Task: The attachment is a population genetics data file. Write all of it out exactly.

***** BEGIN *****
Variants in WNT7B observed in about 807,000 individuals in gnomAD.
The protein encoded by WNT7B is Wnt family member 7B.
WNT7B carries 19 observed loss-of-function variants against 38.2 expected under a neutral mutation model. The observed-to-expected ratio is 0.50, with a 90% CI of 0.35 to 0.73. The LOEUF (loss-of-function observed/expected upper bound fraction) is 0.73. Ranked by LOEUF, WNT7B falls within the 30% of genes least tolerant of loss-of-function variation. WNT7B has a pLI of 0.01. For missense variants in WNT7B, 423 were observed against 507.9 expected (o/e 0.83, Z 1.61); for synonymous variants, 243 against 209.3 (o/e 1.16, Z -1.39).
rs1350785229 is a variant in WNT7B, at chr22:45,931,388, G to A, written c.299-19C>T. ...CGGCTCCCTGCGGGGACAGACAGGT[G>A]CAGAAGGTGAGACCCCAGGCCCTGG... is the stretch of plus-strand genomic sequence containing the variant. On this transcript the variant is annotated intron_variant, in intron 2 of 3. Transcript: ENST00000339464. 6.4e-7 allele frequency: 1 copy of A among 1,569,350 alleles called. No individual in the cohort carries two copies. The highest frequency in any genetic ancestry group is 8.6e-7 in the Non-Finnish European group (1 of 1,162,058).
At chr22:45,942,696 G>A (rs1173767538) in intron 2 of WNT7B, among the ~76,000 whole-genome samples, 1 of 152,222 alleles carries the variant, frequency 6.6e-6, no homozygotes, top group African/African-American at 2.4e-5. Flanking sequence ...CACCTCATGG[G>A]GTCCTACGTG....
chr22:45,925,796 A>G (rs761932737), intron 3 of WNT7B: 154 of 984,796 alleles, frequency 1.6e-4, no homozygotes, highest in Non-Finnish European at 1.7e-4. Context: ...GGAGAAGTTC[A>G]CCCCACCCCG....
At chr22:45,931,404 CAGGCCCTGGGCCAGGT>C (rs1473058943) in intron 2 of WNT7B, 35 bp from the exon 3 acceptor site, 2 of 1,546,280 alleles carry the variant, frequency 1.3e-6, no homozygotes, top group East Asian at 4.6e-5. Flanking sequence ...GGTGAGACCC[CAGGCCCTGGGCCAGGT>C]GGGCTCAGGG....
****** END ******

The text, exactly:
Variants in WNT7B observed in about 807,000 individuals in gnomAD.
The protein encoded by WNT7B is Wnt family member 7B.
WNT7B carries 19 observed loss-of-function variants against 38.2 expected under a neutral mutation model. The observed-to-expected ratio is 0.50, with a 90% CI of 0.35 to 0.73. The LOEUF (loss-of-function observed/expected upper bound fraction) is 0.73. Ranked by LOEUF, WNT7B falls within the 30% of genes least tolerant of loss-of-function variation. WNT7B has a pLI of 0.01. For missense variants in WNT7B, 423 were observed against 507.9 expected (o/e 0.83, Z 1.61); for synonymous variants, 243 against 209.3 (o/e 1.16, Z -1.39).
rs1350785229 is a variant in WNT7B, at chr22:45,931,388, G to A, written c.299-19C>T. ...CGGCTCCCTGCGGGGACAGACAGGT[G>A]CAGAAGGTGAGACCCCAGGCCCTGG... is the stretch of plus-strand genomic sequence containing the variant. On this transcript the variant is annotated intron_variant, in intron 2 of 3. Transcript: ENST00000339464. 6.4e-7 allele frequency: 1 copy of A among 1,569,350 alleles called. No individual in the cohort carries two copies. The highest frequency in any genetic ancestry group is 8.6e-7 in the Non-Finnish European group (1 of 1,162,058).
At chr22:45,942,696 G>A (rs1173767538) in intron 2 of WNT7B, among the ~76,000 whole-genome samples, 1 of 152,222 alleles carries the variant, frequency 6.6e-6, no homozygotes, top group African/African-American at 2.4e-5. Flanking sequence ...CACCTCATGG[G>A]GTCCTACGTG....
chr22:45,925,796 A>G (rs761932737), intron 3 of WNT7B: 154 of 984,796 alleles, frequency 1.6e-4, no homozygotes, highest in Non-Finnish European at 1.7e-4. Context: ...GGAGAAGTTC[A>G]CCCCACCCCG....
At chr22:45,931,404 CAGGCCCTGGGCCAGGT>C (rs1473058943) in intron 2 of WNT7B, 35 bp from the exon 3 acceptor site, 2 of 1,546,280 alleles carry the variant, frequency 1.3e-6, no homozygotes, top group East Asian at 4.6e-5. Flanking sequence ...GGTGAGACCC[CAGGCCCTGGGCCAGGT>C]GGGCTCAGGG....